Returning from the UN headquarters in New York, after attending the UN Conference on Sustainable Development, Rio+20, informal- informal consultations from 17-23 March followed by the 3rd intersessional preparatory meetings from 26-27 March.
The meetings, which focus on sustainable development and serve as the preparatory phase before to the Rio+20 Summit in Rio de Janerio in June 2012, place special attention on ‘the green economy’ and poverty eradication, and the institutional framework for sustainable development. This summit dates back to 1992 when the first ‘Earth Summit’ was carried out also in Rio de Janeiro therefore, acquiring the name ‘Rio’s Summit’. Twenty years later, the wolrd has obviously changed and negotiations are happening in completely new political, economic and social cirsumstances than those of 1992. So, I find myself involved in this ongoing process which to a new comer is evidently harder to ‘chew’… In any case, there is no need for being a ‘veteran’ in the process to quickly grasp the main dispute going on currently: turning the environment into another marketable product so that the ‘usual suspects’ can benefit from it.
The idea of a ‘green economy’ may sound to many as an environmentally friendly approach since they have sold us the idea that all that is ‘green’ is ecological. However, there is a huge lack of awareness regarding this term, and what is more worrying, the future of our environment and future generations rely on it; up until now, there is no clear definition on what the green economy is, moreover representatives to the negotiations have expressed their concern on reaching a better understanding of the social, environmental and economic implications and impacts of the ‘green economy’. Nevertheless, governments continue to negotiate based on it. In fact, there is a whole section among the many texts relevant to these negotiations.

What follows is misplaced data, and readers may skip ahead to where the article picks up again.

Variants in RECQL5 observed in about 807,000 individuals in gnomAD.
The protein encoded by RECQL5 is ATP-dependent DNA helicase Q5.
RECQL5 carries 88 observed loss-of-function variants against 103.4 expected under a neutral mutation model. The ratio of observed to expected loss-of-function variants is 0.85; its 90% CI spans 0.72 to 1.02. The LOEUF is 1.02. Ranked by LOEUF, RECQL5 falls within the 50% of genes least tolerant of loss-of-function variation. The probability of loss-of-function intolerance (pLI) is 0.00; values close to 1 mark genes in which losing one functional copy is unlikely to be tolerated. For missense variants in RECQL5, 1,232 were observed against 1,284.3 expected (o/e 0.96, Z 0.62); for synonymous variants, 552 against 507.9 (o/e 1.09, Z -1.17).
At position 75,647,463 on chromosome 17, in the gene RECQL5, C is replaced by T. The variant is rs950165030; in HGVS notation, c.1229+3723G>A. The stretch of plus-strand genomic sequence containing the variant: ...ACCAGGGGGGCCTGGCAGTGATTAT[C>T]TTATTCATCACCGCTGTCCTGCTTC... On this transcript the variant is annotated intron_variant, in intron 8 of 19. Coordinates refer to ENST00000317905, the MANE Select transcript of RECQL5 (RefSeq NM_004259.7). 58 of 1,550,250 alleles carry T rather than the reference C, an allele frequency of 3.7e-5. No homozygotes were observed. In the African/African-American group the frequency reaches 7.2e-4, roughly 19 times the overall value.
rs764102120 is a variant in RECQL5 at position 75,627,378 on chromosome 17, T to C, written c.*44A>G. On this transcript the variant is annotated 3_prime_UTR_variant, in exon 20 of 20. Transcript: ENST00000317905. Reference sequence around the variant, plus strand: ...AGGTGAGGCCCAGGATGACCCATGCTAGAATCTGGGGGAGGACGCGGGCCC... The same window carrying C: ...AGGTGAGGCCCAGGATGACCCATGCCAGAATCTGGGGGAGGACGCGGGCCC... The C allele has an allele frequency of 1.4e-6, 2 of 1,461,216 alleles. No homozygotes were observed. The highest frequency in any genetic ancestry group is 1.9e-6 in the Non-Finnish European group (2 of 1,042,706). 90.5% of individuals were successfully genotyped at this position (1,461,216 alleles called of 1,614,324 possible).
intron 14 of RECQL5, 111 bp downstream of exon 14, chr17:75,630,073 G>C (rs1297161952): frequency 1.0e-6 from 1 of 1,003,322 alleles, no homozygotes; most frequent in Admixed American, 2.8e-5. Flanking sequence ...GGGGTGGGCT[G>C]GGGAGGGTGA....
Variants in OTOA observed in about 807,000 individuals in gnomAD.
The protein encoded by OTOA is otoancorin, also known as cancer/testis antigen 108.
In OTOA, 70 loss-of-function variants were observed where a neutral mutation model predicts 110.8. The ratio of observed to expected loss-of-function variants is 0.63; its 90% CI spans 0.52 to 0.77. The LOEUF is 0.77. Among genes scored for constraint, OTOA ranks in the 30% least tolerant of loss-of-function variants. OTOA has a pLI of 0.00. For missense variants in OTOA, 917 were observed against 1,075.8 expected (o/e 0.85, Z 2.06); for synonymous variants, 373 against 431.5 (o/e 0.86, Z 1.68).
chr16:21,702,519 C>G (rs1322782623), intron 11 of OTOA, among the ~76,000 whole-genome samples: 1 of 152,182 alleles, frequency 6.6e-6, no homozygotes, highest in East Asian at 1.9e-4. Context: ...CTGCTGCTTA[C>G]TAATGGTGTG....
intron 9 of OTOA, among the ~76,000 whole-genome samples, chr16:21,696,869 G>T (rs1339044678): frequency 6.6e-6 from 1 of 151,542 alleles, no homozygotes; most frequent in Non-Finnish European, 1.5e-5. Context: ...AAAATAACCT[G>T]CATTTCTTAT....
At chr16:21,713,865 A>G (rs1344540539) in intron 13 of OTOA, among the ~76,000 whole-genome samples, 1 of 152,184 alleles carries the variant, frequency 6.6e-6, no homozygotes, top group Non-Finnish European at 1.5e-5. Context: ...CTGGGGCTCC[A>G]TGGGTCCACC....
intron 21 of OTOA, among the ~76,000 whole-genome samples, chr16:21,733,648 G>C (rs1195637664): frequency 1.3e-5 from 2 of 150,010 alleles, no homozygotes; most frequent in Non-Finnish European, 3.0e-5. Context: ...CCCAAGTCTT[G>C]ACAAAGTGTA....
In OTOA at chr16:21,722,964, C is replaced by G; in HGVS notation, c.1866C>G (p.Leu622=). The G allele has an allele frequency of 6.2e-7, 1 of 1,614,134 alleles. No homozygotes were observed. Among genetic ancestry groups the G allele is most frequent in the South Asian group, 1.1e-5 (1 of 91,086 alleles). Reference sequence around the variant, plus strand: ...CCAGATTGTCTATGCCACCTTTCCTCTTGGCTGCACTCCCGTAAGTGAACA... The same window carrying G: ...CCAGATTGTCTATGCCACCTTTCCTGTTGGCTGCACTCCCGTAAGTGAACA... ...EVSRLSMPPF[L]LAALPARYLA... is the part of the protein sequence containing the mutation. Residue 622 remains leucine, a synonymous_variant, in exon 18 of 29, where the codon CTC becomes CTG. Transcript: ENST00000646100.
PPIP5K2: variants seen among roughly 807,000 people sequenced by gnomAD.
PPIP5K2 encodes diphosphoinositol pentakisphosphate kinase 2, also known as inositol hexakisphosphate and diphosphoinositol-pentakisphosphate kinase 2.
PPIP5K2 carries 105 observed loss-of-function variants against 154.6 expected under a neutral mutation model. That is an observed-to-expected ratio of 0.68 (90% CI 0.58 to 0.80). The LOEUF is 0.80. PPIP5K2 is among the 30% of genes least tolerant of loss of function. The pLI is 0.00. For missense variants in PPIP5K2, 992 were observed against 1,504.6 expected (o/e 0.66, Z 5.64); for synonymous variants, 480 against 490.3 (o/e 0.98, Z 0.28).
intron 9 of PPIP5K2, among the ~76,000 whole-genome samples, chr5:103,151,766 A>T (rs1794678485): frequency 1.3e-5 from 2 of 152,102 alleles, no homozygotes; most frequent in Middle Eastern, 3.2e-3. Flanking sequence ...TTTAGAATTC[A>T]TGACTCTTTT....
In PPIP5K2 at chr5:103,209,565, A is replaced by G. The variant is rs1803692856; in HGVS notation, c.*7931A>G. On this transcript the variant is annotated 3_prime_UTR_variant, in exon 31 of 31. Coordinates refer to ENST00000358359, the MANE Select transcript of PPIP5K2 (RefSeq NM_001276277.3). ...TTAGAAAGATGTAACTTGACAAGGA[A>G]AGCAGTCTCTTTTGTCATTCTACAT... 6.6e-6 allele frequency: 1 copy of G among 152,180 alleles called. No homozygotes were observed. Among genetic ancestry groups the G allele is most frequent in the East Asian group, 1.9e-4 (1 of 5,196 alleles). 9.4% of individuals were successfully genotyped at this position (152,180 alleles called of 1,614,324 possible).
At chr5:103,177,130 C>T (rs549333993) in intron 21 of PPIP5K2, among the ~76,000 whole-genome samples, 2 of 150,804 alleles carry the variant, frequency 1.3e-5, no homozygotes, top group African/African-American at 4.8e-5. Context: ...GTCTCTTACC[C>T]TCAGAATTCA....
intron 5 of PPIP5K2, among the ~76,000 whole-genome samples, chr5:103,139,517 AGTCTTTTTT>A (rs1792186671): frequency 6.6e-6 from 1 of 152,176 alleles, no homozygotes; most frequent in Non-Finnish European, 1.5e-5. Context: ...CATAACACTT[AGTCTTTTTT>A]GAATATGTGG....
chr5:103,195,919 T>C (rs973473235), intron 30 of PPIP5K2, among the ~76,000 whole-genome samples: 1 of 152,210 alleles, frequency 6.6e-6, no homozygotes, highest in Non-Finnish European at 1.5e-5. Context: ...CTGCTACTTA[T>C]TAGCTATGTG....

According to policy-makers, the ‘green economy’ will provide win-win situations: the “green economy will bring green jobs”, “the green economy will facilitate trade”, “the green economy will help us erradicate poverty”, all while using resources in a sustainable way… but is this the same reality we see in the field?
Having a ‘green economy’ entails the commodification of natural resources, incorporating forests and other ecosystems into markets, and markets often entail ownership. Thus, by turning biodiversity and the environment into marketable ‘goods’ and derived ‘services’, paying for an environmental ‘service’ (PES) will only happen by putting a price to life; it will then constitute a market based mechanism which is supposed to operate under the premise of equity. Examples of such mechanisms are Carbon Trade (e.g. REDD+), Certification, Trade in Genetic resources, and Ecotourism. But what if there is no equity?
But just to give the reader an idea, experience has demonstrated that in developing countries – where most of the resources are kept- there is rarely any equity; the vulnerable often have no rights over their lands, work is underpaid, governments are corrupted, women are often in greater disadvantage, etc etc. In many cases, land grabbing issues have been raised where indigenous peoples and/or local communities have been evicted of their ancestral lands because they lack ownership over those lands, and corporations, often in complicity with governments, appropriate those lands in order to carry out their profitable business. So, the resources that for many generations were accessed providing the livelihoods for different communities and peoples are suddenly taken away from them and left without water, food, or wood. People often find no other choice but to migrate to the cities and swell the ranks of people living in poverty.